Listen To Tom Waits For Writing Inspiration – There’s Amnesia In Her Kiss

Tom Waits writing style

Tom Waits’ writing, like all good writers, avoids common collocations and tired clichés.

Waits has a way with words.

And even though he writes songs, he should inspire writers and authors. His words are memorable for one very simple reason.

He never uses a common collocation. Instead, he surprises and sometimes shocks with his choice of word combinations.

Tom Waits writing and words

There are too many memorable lines by Waits, so I won’t list them here.

Enough to say that if you imagine Tom Waits writing about a Ferrari, it would never be red. It would be rusted metallic purple or lime green.

In his line about a kiss, in Black Market Baby, many writers may have collocated honey, sugar or some other kind of sweetness.

But amnesia is a complete surprise, and because of this, it is very memorable.

It is also highly descriptive and makes one think about the deeper meaning behind these few words.


Douglas Adams

My favorite author, Douglas Adam, also used irregular and unpredictable collocations.

You might recall, “the ships hung in the sky in much the same way that bricks don’t.”

I won’t go into a long list of memorable quotes.

But these two are enough to make the point.

Writers often reach for the common, all too often used, and unsurprising collocations, which, worse, can also be tired clichés.


The art of great writing is the unpredictability

If I stay with spaceships and kisses, perhaps examples of unpredictability might work like this.

The ship was so fast rapid swift  fleet that it passed overtook hurtled ahead of itself five six times on its way to Mars Uranus.

A simplistic example. But apart from the choice of verbs, the number six is rarely used, along with four and eleven.

And Uranus sounds like a much more mysterious destination than Mars.

As she waited lingered ripened for his kiss, her lips trembled quivered shimmered and shivered with anticipation anxiety unease.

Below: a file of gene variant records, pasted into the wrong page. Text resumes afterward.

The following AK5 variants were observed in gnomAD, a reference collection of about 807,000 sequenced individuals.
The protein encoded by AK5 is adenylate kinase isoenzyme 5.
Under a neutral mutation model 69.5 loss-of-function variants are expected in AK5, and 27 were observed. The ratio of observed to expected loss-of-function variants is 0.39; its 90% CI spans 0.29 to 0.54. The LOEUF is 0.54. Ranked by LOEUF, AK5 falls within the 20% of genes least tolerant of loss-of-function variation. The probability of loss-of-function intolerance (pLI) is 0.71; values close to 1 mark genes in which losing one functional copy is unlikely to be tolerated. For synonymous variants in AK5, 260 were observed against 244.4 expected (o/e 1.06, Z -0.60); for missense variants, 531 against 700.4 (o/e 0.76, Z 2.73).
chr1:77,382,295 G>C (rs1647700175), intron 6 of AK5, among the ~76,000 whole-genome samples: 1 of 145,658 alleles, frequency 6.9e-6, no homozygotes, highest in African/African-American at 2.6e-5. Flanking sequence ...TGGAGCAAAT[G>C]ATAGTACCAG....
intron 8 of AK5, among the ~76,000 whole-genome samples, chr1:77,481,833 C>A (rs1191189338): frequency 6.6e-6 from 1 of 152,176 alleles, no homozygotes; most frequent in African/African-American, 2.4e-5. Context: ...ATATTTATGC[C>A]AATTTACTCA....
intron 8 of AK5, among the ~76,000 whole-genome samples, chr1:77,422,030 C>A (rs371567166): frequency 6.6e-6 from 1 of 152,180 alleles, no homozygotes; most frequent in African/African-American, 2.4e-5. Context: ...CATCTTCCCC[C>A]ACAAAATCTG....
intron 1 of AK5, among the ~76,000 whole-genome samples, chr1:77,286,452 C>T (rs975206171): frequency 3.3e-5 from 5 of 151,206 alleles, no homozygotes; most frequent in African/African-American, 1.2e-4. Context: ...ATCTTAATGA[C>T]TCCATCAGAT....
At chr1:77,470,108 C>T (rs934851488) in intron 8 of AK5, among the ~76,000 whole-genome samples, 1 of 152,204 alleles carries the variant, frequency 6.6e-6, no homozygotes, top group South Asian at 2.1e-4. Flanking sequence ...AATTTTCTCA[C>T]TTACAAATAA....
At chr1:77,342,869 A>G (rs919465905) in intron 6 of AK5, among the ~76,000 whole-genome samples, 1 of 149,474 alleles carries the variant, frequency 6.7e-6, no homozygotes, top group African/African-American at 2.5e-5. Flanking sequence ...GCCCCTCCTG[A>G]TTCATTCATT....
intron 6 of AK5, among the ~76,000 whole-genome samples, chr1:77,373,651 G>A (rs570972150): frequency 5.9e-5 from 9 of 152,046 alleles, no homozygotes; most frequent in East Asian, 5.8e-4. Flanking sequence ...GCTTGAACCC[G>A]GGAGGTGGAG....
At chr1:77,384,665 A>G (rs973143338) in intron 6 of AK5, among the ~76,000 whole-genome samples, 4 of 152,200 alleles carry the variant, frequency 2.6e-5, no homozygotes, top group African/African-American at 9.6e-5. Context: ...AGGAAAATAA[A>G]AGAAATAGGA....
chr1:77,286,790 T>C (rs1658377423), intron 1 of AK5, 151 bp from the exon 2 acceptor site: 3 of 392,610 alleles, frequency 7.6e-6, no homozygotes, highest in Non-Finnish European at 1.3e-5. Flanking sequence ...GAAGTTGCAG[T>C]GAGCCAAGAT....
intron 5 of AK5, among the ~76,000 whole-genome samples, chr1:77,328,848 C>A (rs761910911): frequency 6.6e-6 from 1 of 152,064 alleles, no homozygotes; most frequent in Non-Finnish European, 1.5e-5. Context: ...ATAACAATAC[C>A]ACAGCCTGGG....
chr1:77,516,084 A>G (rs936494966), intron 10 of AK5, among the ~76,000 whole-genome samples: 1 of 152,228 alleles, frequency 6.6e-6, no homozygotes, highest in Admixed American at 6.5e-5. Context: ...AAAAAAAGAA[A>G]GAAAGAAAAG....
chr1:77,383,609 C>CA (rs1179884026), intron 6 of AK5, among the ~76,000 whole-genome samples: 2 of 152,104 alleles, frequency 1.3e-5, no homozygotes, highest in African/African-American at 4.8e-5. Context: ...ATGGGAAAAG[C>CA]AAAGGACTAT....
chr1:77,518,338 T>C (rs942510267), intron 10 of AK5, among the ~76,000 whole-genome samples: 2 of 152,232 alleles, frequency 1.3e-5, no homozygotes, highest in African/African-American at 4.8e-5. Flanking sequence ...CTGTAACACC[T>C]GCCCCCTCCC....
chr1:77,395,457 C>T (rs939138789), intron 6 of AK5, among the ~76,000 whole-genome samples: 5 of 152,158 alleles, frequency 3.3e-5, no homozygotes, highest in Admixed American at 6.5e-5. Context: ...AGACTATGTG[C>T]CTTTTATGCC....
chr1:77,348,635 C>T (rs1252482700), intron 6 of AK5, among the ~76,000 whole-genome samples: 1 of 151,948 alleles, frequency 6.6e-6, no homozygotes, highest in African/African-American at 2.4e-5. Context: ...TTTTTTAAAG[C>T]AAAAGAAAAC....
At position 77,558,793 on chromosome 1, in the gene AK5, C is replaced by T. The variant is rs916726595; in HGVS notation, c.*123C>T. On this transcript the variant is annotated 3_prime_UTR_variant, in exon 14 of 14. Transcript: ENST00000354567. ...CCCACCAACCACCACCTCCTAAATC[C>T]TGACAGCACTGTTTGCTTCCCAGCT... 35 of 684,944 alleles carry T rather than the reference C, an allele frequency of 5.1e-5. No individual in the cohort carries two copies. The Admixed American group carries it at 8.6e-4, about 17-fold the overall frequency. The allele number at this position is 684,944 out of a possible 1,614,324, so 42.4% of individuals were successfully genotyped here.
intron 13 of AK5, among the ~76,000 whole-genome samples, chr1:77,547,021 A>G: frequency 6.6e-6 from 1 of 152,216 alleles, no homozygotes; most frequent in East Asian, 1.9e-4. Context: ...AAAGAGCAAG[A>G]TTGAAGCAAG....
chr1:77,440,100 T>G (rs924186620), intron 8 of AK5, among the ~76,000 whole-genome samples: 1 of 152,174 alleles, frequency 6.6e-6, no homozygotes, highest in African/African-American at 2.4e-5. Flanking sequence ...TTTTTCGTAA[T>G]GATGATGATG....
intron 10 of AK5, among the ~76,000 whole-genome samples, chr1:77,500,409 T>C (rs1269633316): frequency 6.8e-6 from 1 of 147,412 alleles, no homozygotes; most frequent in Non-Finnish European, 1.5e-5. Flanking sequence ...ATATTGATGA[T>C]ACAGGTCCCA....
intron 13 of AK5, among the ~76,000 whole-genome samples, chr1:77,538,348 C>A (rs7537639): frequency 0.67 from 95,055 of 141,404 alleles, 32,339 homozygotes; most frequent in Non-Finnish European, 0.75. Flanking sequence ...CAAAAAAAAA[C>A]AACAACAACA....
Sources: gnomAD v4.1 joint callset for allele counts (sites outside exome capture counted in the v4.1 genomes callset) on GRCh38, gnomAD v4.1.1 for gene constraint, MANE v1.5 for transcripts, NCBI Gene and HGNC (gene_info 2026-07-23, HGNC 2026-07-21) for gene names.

Okay, so not the two best lines I have ever written, but the process is clear from these two examples.

It’s especially true during the first editing stage of a novel.

Look for word combinations that are far too predictable and then search for better, more descriptive, or even surprising vocabulary combinations.

If you need inspiration while editing, you could do worse than listen to some songs by Tom Waits.


Related Reading: Palindromes Are Fun, Whichever Way You Look At Them

Derek Haines

A Cambridge CELTA English teacher and author with a passion for writing and all forms of publishing. My days are spent writing and blogging, as well as testing and taming new technology. More about Derek

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2 thoughts on “Listen To Tom Waits For Writing Inspiration – There’s Amnesia In Her Kiss

  • Avatar for Poetjanstie
    July 19, 2018 at 7:35 am

    This is great advice and yes, Tom Waits’ lyrics are often surprising and even graphic; thereby memorable.

    I attended a small workshop run by the contemporary British poet, Simon Armitage about three years ago and the one piece of advice, of many, I remember well that he offered was his suggestion that you don’t need to use sophisticated words or language to stand out; in fact better to use every day commonly used words, but, he proposed that to throw in an unusual or unexpected word (or collocation) could help to make a piece stand out in the memory.

  • Avatar for Mark Giblin
    February 8, 2017 at 4:59 am

    Yes agreed. Very interesting. And I think I unwittingly followed this train of thought when writing my book #SpeedBumpHimalayas.
    “I’d hidden rhat minor piece of information somewhere behind my brain muzzle, but now it flew out like a chicken being chased by a slavering Panther.”

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